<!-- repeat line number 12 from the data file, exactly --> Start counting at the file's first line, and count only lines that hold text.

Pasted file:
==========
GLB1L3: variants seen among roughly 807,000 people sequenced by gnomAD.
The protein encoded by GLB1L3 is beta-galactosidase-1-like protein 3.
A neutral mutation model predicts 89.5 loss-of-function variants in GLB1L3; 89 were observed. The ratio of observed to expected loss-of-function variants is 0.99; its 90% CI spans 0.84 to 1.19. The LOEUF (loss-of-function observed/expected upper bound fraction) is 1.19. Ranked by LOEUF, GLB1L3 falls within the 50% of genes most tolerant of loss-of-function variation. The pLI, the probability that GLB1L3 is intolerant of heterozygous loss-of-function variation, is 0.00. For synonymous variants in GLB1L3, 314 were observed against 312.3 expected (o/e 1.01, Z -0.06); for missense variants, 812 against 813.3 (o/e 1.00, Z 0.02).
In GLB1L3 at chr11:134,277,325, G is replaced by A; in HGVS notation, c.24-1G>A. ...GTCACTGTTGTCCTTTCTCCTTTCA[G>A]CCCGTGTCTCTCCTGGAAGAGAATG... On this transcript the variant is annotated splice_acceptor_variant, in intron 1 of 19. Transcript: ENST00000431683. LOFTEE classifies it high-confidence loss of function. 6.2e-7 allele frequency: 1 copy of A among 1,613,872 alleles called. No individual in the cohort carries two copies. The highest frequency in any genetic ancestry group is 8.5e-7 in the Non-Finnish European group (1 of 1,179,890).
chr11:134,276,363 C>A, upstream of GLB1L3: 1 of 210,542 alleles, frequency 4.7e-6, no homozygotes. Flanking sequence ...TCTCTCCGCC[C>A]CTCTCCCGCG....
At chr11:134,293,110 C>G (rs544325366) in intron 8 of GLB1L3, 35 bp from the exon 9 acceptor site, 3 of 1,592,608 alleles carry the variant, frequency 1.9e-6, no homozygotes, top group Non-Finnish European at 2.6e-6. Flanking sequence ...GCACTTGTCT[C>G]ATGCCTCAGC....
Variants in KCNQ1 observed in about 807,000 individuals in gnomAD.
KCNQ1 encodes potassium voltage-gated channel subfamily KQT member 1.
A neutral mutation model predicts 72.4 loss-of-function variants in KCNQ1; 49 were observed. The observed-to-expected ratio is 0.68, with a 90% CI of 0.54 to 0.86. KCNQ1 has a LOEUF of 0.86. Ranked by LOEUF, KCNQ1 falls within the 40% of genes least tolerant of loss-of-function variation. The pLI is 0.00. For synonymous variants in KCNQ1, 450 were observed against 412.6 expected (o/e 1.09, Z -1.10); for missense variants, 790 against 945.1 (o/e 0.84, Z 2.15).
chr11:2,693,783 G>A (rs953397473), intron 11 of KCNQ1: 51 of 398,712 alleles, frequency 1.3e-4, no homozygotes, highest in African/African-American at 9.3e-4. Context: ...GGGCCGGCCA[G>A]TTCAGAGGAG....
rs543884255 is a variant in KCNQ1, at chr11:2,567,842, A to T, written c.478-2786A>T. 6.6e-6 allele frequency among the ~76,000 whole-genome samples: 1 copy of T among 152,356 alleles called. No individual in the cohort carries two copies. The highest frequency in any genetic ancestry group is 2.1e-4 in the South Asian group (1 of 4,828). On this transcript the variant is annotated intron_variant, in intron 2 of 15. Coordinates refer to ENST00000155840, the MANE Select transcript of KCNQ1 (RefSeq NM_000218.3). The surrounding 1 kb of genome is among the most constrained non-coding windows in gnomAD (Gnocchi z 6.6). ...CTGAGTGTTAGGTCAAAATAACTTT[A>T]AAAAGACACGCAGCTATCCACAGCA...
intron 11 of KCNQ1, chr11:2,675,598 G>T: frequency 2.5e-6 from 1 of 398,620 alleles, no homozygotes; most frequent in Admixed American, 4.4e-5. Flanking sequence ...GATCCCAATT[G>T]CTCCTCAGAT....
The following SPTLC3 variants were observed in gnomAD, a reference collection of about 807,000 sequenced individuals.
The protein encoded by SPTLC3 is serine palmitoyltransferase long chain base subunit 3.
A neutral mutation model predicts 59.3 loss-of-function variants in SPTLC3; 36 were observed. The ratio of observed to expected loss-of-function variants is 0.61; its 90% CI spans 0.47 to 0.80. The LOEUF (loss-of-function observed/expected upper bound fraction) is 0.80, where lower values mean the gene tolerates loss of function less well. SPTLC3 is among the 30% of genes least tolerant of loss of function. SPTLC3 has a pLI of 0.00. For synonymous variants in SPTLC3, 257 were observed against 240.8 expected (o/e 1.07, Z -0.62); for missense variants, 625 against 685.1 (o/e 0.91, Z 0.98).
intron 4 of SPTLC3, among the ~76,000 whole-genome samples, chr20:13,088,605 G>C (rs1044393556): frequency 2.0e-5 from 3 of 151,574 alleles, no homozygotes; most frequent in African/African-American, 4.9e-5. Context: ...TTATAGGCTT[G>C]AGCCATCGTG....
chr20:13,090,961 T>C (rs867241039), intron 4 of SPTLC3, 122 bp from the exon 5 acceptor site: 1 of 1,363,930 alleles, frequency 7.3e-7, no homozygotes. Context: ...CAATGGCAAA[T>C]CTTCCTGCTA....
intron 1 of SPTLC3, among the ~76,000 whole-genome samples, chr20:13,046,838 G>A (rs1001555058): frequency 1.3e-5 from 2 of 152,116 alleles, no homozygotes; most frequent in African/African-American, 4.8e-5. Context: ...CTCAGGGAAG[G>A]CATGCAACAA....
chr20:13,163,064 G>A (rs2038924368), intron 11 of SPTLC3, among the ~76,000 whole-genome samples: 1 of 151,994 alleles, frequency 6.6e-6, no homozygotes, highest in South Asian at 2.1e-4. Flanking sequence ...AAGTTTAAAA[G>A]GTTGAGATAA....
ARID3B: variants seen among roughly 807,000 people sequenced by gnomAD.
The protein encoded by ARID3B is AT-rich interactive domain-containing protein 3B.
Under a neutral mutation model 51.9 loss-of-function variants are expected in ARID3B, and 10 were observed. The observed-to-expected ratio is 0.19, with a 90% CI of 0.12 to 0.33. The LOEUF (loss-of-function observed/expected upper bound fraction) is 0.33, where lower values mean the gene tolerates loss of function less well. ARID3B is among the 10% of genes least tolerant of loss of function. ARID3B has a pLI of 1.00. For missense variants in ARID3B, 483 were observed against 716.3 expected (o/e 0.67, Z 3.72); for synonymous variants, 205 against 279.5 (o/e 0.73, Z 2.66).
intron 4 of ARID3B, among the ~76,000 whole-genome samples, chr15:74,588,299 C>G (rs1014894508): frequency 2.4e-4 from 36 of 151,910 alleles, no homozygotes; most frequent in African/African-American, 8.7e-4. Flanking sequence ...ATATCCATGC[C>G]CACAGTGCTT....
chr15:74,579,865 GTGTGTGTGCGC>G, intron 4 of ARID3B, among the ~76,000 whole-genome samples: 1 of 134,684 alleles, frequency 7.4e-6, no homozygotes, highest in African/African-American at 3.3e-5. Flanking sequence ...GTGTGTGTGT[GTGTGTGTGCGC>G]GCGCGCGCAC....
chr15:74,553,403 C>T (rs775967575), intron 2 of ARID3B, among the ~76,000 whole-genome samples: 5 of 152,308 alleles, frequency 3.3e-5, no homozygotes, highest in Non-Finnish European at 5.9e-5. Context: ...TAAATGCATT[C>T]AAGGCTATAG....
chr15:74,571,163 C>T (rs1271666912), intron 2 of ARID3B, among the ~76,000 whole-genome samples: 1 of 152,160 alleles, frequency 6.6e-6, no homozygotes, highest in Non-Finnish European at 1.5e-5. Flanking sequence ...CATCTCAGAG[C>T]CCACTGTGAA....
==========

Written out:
intron 11 of KCNQ1, chr11:2,675,598 G>T: frequency 2.5e-6 from 1 of 398,620 alleles, no homozygotes; most frequent in Admixed American, 4.4e-5. Flanking sequence ...GATCCCAATT[G>T]CTCCTCAGAT....